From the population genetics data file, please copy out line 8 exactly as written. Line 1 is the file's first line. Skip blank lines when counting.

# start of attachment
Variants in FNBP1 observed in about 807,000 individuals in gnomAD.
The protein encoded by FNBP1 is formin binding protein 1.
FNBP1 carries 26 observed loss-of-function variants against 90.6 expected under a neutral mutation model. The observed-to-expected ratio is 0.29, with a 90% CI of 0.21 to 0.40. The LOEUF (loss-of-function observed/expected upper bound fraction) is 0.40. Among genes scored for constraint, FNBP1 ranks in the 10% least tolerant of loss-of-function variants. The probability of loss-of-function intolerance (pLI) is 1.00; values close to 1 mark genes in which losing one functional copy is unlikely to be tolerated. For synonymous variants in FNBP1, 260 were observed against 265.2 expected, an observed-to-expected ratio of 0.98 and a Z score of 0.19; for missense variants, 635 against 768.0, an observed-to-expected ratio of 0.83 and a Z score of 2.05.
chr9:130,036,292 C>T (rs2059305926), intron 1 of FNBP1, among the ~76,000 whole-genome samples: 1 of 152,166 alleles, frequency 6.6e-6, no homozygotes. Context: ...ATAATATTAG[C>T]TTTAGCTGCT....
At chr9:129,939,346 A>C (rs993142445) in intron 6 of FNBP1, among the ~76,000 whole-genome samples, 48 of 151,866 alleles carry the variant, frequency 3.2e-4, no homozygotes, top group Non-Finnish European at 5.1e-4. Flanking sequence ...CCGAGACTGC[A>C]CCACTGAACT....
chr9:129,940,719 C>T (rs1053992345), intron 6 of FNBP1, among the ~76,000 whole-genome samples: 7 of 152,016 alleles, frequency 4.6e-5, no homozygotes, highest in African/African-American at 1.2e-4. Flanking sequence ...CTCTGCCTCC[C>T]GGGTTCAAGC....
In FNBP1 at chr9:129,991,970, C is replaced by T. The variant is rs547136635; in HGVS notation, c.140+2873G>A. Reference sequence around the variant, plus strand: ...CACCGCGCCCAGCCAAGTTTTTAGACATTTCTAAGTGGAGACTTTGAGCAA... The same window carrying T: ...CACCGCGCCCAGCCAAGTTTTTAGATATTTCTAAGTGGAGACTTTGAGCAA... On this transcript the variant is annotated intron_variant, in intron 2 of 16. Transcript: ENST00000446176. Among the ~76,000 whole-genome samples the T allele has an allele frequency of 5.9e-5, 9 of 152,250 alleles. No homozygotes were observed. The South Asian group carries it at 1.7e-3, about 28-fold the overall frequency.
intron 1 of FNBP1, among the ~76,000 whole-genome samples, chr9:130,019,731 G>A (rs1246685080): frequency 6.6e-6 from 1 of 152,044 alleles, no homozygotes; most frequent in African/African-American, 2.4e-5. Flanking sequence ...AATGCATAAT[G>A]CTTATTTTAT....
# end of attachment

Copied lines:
intron 1 of FNBP1, among the ~76,000 whole-genome samples, chr9:130,019,731 G>A (rs1246685080): frequency 6.6e-6 from 1 of 152,044 alleles, no homozygotes; most frequent in African/African-American, 2.4e-5. Flanking sequence ...AATGCATAAT[G>A]CTTATTTTAT....